Adam 24:28
Yeah, I was looking at the homeownership rates in 2000. They don’t the census hasn’t put out their 2010 numbers. And thinking about you mentioned that the homeownership rate natural rate is probably around 55%. And the average homeownership rate in 2000 was 66.2%. But most of the states that we are currently offering properties in are actually higher than that, like around 6970 72%. I believe in some so you would See prices I know in Tennessee it’s higher than normal. Memphis is more like 5050 renter owner, but in general, if we’re seeing those come down even more percent wise, then your price is going to go down even more than the national average. It couldn’t be everybody’s cheaper to purchase in in areas that are already good

Jason Hartman 25:18
right. So there be a buying opportunity to hear is always the issue. Don’t worry, everything will equalize. But the time during that equalization that move back toward remember your biology class homeostasis, right, your body always tries to have homeostasis. It tries to equalize right? I think that’s what that all meant. It was a few years back, okay. But during that equalization process, that’s the time people they go into financial ruin, because they can’t withstand the adjustment period. And that’s why I talk so much about sustainable investing. Sustainable investing. When you talk about sustainability, it’s not about the environment, it’s about financial sustainability. You’ve got to be able to make it through times of change, so that you can stay in the game or you are prepared to take advantage of opportunities that come your way. So yeah, why don’t you interesting things there. And Adam, this is going to tie into another discussion we’re going to have on a future episode about a potential giant, mega shift mega, huge, ginormous change in the real estate industry. Do you want to give our listeners a little

Adam 26:40
clue about that? Well, I would say if you own your personal residence, you’ve probably looked at it. It has three initials that most people know is M L. S sub multiple listing service, the MLS

Jason Hartman 26:53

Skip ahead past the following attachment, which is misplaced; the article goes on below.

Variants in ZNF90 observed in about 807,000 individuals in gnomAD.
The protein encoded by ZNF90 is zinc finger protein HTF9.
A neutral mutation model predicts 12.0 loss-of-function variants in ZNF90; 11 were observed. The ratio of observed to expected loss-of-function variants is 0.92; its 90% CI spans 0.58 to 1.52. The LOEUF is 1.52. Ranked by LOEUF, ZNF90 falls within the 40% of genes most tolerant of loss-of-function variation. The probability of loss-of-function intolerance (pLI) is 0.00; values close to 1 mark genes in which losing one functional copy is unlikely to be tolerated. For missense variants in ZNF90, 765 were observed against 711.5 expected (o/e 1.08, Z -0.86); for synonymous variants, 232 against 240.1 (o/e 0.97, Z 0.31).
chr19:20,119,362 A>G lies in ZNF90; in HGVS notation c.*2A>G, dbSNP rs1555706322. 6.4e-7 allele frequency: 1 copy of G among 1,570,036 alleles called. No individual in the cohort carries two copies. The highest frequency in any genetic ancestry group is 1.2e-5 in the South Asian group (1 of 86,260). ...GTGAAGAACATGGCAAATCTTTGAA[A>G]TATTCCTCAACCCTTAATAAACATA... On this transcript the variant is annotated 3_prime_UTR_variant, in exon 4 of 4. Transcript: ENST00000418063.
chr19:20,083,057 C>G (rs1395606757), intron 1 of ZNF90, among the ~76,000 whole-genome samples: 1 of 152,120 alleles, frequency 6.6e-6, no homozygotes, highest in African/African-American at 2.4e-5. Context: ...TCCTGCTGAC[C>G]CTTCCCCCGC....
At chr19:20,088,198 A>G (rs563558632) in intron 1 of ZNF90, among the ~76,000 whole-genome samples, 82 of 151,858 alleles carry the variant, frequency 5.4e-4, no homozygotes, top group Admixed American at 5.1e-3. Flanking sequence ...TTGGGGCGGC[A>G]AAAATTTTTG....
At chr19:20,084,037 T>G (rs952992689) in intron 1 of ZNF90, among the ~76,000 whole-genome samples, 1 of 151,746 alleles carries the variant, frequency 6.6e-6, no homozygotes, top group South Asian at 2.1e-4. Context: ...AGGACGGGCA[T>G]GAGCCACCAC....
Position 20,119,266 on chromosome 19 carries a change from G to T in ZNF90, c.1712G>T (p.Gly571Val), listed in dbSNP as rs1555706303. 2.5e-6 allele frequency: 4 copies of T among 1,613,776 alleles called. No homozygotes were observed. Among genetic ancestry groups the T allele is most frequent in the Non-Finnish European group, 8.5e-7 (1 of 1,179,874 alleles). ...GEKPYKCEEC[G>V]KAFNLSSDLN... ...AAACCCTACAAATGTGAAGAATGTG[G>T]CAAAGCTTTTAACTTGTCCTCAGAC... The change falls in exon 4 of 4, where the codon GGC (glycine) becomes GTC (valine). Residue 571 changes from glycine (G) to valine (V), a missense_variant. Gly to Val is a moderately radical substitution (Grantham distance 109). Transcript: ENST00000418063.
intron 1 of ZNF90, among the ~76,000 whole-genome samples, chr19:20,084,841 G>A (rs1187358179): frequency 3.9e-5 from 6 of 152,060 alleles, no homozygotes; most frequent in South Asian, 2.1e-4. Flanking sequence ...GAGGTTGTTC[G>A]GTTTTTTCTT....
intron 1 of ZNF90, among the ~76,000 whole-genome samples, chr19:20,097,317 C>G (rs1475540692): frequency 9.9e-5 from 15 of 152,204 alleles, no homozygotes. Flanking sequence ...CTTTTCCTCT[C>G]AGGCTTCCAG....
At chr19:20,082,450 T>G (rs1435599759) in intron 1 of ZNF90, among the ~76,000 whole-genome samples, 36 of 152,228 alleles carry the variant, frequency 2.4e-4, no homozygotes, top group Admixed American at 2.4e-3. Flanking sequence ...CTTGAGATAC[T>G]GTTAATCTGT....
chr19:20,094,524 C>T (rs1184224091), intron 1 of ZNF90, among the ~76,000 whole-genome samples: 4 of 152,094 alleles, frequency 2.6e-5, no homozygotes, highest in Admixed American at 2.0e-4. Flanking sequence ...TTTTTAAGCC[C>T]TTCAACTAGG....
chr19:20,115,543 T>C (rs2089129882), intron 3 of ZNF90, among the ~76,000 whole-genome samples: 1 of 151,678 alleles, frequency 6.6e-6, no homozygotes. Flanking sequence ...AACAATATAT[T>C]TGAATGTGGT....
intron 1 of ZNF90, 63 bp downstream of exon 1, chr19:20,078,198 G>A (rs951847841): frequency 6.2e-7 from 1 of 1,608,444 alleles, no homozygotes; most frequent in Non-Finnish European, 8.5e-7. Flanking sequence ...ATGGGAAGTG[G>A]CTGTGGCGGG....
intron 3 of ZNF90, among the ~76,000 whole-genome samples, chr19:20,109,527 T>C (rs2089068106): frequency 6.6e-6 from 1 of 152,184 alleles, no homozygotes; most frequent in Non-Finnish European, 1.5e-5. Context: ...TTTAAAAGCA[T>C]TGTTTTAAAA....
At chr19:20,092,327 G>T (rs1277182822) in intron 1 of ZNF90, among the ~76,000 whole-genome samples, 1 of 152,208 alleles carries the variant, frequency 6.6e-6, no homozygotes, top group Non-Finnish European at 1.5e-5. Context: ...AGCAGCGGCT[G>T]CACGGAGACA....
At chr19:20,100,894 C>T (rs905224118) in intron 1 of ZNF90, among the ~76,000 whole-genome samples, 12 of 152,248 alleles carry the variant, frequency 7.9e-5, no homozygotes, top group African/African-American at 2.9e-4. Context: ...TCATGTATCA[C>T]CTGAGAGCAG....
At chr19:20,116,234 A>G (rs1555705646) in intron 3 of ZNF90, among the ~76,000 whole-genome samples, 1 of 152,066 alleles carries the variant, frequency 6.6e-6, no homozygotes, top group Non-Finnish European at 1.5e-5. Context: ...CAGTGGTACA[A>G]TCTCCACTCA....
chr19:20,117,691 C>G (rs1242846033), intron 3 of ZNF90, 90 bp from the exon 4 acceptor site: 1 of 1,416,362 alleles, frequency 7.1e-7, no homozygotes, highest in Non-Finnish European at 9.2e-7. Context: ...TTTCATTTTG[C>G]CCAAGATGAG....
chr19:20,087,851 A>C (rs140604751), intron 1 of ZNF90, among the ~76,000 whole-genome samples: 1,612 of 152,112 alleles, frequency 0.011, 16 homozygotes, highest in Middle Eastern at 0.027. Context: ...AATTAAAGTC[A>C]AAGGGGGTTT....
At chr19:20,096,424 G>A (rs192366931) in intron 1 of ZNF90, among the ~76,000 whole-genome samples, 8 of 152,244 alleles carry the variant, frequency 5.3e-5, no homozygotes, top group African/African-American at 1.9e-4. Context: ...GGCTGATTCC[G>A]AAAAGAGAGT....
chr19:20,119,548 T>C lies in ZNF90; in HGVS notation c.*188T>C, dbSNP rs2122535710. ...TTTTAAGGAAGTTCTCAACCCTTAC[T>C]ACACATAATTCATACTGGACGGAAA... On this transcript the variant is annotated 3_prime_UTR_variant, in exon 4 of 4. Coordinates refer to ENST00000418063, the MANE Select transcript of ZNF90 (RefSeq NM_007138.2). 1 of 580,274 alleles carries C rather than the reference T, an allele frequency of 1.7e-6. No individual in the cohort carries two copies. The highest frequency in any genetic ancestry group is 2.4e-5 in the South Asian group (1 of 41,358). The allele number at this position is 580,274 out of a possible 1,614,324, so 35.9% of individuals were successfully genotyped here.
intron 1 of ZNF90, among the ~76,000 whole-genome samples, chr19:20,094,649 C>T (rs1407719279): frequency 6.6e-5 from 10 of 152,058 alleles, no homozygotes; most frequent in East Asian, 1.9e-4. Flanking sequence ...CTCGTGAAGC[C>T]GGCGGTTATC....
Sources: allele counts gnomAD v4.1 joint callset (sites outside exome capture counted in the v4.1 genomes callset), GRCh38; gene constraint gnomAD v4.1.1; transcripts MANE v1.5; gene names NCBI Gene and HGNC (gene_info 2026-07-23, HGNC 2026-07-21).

Yeah, there may be a huge huge change coming to the way the Entire real estate industry operates. And it may also become more like the way it operates in foreign countries. And this will present some problems and big opportunities at the same time. So we’re going to talk about that on a future episode. And Adam, I think we gotta wrap it up for today. Thank you for joining me. Oh, one more thing I want to say though, we have listeners in 165 countries. And this, interestingly, doesn’t really impact you that much, because you’re probably not able to get Fannie Mae or Freddie Mac loans if you’re investing in the US real estate market, but I think you can see, we’ve talked about it in the past, but you can see it more clearly after this episode of how the United States is such a special housing market. It is really, really special. And for you, American listeners, and you’re thinking well, I should buy property abroad. You know, we have looked at that. I’ve been to 83 countries and many of them I’ve looked at real estate and we just haven’t been able to find even one of those that is attractive enough, we could certainly recommend foreign properties to you. We’ve been pitched by many people offering them and you know, Costa Rica, in Australia, in Europe, all over in China all just all over the world. It has just never made sense. Otherwise, we would have we would have brought that to you. Now. I’m not you know, who knows what the future will hold. But at this time, and for the past 15 years, we have never found any of those opportunities that we would want to bring to you. Although they’ve dangled a lot of money in front of us, especially those I remember those Costa Rican promoters in the in the boilies promoters to a lot of people wanting to sell property in those places, but we’ve just never found it to be very attractive. So we’ve we’ve never recommended it. I think for foreign buyers. This is even better news. Oh yes. Because then it You’re fighting on an even playing surface. Right? Right. Yeah, the playing field is much more even. And you’re in a position where you’re getting better values. And so yeah, it’s a much it’s much more level playing field. It’s absolutely, prices don’t change at all. Yeah. So what that means is that there the other effect of this would be more foreign investment. There’s already a lot. I mean, the US is a hotbed of foreign investment. But there be even more incentive for foreign buyers to buy up us real estate, which would have upward pressure on prices. So see, there are all these factors that come into play that, you know, the simpleton says, Oh, well, like it wasn’t the video. Well, Fannie Mae goes away that housing won’t be affordable to all these people. Where’s the violin, but you know, they never realized the price will adjust. There will be more foreign buyers, you know, there’s all these and the free market will come in and fill the financing void to Okay, now granted, it might be a little more expensive. But it won’t be as much as it is now. Because with these two agencies out of the way or privatized or having a smaller impact, however, it ends up happening, there would be more interest in investors filling in the void. They would see opportunities here. So there’s always equalizing forces, you know, don’t worry about this stuff. But anyway, that’s enough for today. Thanks for joining us, everybody. Check out Jason Hartman calm for upcoming events. For properties of course talk to one of our investment counselors like Adam, or our other investment counselors, they can help you and we look forward to talking to you on the next episode. Happy investing. Thank you so much for listening. Please be sure to subscribe so that you don’t miss any episodes. Be sure to check out the show’s specific website and our general website Hartman Mediacom for appropriate disclaimers and Terms of Service. Remember that guest opinions Are their own. And if you require specific legal or tax advice or advice and any other specialized area, please consult an appropriate professional. And we also very much appreciate you reviewing the show. Please go to iTunes or Stitcher Radio or whatever platform you’re using can write a review for the show we would very much appreciate that. And be sure to make it official and subscribe so you do not miss any episodes. We look forward to seeing you on the next episode.